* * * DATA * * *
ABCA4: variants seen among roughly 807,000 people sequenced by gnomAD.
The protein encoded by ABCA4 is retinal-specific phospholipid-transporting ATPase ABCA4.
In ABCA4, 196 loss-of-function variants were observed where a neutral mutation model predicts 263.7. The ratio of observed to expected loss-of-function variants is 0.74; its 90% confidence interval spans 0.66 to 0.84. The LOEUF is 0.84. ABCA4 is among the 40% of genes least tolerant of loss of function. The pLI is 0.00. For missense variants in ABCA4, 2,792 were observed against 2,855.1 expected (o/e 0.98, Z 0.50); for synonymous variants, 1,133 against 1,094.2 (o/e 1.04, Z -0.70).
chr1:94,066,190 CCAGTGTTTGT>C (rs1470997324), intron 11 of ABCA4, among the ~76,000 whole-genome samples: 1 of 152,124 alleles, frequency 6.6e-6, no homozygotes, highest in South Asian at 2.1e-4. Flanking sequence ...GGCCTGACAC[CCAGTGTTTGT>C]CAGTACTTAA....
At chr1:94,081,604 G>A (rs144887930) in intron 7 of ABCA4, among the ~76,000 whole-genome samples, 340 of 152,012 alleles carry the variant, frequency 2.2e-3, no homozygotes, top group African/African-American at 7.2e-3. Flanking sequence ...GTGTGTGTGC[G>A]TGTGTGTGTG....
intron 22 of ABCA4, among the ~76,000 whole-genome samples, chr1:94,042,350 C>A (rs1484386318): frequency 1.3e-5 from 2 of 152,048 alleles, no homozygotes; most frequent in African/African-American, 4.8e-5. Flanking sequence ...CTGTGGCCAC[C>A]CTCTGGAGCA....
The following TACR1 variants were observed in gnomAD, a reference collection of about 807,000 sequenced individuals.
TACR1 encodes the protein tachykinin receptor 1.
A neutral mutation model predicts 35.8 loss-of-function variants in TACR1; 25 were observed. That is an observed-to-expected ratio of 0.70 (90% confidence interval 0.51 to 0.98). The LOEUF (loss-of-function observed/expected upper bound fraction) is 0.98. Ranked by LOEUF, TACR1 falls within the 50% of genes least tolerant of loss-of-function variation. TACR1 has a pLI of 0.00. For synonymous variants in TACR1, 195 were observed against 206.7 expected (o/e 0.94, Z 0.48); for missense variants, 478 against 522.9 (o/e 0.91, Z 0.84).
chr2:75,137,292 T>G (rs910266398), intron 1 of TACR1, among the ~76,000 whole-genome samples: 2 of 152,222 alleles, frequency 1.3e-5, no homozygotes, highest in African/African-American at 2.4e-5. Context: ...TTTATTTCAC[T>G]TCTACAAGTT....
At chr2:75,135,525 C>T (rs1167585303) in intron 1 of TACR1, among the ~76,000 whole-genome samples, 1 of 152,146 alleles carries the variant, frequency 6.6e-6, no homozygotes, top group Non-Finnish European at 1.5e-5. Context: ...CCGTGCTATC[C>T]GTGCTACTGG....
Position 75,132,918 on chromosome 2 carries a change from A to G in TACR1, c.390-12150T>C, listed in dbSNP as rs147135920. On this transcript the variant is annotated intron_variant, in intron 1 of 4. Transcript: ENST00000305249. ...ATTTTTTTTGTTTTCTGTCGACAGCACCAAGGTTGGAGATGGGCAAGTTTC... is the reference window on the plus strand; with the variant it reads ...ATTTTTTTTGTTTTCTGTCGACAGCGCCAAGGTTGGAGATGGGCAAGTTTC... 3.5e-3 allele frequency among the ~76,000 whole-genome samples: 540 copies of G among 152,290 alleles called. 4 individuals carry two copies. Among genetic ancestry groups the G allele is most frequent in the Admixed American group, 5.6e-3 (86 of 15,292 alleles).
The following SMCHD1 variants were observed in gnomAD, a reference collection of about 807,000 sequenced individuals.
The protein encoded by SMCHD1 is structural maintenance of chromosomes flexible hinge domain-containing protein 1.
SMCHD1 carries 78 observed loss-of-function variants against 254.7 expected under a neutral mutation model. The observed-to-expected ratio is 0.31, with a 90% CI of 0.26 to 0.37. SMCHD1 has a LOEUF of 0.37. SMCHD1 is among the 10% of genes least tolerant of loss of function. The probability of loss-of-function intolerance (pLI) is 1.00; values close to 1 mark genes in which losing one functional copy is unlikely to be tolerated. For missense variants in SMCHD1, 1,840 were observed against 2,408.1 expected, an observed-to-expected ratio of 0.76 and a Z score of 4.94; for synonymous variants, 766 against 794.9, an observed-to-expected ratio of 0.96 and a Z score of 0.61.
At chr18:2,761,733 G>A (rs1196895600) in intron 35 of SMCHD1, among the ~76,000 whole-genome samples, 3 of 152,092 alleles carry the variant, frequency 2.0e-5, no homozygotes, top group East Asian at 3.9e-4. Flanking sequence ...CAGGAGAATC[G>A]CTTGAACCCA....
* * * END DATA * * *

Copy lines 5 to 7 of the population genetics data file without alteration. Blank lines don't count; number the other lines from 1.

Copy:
At chr1:94,081,604 G>A (rs144887930) in intron 7 of ABCA4, among the ~76,000 whole-genome samples, 340 of 152,012 alleles carry the variant, frequency 2.2e-3, no homozygotes, top group African/African-American at 7.2e-3. Flanking sequence ...GTGTGTGTGC[G>A]TGTGTGTGTG....
intron 22 of ABCA4, among the ~76,000 whole-genome samples, chr1:94,042,350 C>A (rs1484386318): frequency 1.3e-5 from 2 of 152,048 alleles, no homozygotes; most frequent in African/African-American, 4.8e-5. Flanking sequence ...CTGTGGCCAC[C>A]CTCTGGAGCA....
The following TACR1 variants were observed in gnomAD, a reference collection of about 807,000 sequenced individuals.